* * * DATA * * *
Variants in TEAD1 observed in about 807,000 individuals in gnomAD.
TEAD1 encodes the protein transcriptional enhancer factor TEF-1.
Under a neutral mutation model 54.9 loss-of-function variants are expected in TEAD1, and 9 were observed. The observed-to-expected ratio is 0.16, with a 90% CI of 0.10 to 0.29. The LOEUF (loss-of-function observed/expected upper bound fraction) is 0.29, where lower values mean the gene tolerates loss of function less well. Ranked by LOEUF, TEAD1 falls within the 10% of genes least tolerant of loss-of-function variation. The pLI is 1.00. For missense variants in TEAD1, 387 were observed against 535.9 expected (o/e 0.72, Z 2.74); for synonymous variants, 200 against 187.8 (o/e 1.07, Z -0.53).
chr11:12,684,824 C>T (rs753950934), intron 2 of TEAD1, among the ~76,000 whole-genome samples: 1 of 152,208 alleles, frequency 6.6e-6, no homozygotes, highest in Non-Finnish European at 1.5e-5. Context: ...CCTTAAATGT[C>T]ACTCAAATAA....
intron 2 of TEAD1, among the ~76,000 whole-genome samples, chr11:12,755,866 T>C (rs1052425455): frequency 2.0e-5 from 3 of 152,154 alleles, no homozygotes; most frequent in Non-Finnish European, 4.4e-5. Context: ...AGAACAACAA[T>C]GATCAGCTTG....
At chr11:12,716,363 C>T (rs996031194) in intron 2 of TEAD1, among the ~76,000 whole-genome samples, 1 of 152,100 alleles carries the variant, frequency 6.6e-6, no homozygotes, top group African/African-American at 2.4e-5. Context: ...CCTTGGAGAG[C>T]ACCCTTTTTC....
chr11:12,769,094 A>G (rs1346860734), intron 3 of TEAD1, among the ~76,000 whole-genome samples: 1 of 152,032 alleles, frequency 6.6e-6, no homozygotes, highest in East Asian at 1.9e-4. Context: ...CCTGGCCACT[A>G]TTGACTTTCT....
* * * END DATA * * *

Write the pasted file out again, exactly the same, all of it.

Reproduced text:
Variants in TEAD1 observed in about 807,000 individuals in gnomAD.
TEAD1 encodes the protein transcriptional enhancer factor TEF-1.
Under a neutral mutation model 54.9 loss-of-function variants are expected in TEAD1, and 9 were observed. The observed-to-expected ratio is 0.16, with a 90% CI of 0.10 to 0.29. The LOEUF (loss-of-function observed/expected upper bound fraction) is 0.29, where lower values mean the gene tolerates loss of function less well. Ranked by LOEUF, TEAD1 falls within the 10% of genes least tolerant of loss-of-function variation. The pLI is 1.00. For missense variants in TEAD1, 387 were observed against 535.9 expected (o/e 0.72, Z 2.74); for synonymous variants, 200 against 187.8 (o/e 1.07, Z -0.53).
chr11:12,684,824 C>T (rs753950934), intron 2 of TEAD1, among the ~76,000 whole-genome samples: 1 of 152,208 alleles, frequency 6.6e-6, no homozygotes, highest in Non-Finnish European at 1.5e-5. Context: ...CCTTAAATGT[C>T]ACTCAAATAA....
intron 2 of TEAD1, among the ~76,000 whole-genome samples, chr11:12,755,866 T>C (rs1052425455): frequency 2.0e-5 from 3 of 152,154 alleles, no homozygotes; most frequent in Non-Finnish European, 4.4e-5. Context: ...AGAACAACAA[T>C]GATCAGCTTG....
At chr11:12,716,363 C>T (rs996031194) in intron 2 of TEAD1, among the ~76,000 whole-genome samples, 1 of 152,100 alleles carries the variant, frequency 6.6e-6, no homozygotes, top group African/African-American at 2.4e-5. Context: ...CCTTGGAGAG[C>T]ACCCTTTTTC....
chr11:12,769,094 A>G (rs1346860734), intron 3 of TEAD1, among the ~76,000 whole-genome samples: 1 of 152,032 alleles, frequency 6.6e-6, no homozygotes, highest in East Asian at 1.9e-4. Context: ...CCTGGCCACT[A>G]TTGACTTTCT....